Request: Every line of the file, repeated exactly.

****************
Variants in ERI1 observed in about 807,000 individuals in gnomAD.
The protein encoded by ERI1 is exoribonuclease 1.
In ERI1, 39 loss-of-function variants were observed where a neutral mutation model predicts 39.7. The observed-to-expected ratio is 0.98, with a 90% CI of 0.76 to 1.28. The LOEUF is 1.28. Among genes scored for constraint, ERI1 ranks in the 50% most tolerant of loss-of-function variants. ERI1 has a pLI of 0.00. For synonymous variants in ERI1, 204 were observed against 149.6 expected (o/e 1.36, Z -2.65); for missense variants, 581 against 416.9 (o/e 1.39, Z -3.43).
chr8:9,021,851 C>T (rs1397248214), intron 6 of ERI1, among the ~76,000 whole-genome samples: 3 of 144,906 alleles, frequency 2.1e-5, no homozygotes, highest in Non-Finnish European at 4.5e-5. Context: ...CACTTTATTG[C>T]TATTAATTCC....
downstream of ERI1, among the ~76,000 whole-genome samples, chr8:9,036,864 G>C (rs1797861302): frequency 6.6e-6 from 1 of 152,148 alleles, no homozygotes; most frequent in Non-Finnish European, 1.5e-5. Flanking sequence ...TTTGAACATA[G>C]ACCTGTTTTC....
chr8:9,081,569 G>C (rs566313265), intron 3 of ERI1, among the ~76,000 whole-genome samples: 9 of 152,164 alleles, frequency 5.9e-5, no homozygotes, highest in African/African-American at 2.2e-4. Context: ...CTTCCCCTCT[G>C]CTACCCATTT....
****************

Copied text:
Variants in ERI1 observed in about 807,000 individuals in gnomAD.
The protein encoded by ERI1 is exoribonuclease 1.
In ERI1, 39 loss-of-function variants were observed where a neutral mutation model predicts 39.7. The observed-to-expected ratio is 0.98, with a 90% CI of 0.76 to 1.28. The LOEUF is 1.28. Among genes scored for constraint, ERI1 ranks in the 50% most tolerant of loss-of-function variants. ERI1 has a pLI of 0.00. For synonymous variants in ERI1, 204 were observed against 149.6 expected (o/e 1.36, Z -2.65); for missense variants, 581 against 416.9 (o/e 1.39, Z -3.43).
chr8:9,021,851 C>T (rs1397248214), intron 6 of ERI1, among the ~76,000 whole-genome samples: 3 of 144,906 alleles, frequency 2.1e-5, no homozygotes, highest in Non-Finnish European at 4.5e-5. Context: ...CACTTTATTG[C>T]TATTAATTCC....
downstream of ERI1, among the ~76,000 whole-genome samples, chr8:9,036,864 G>C (rs1797861302): frequency 6.6e-6 from 1 of 152,148 alleles, no homozygotes; most frequent in Non-Finnish European, 1.5e-5. Flanking sequence ...TTTGAACATA[G>C]ACCTGTTTTC....
chr8:9,081,569 G>C (rs566313265), intron 3 of ERI1, among the ~76,000 whole-genome samples: 9 of 152,164 alleles, frequency 5.9e-5, no homozygotes, highest in African/African-American at 2.2e-4. Context: ...CTTCCCCTCT[G>C]CTACCCATTT....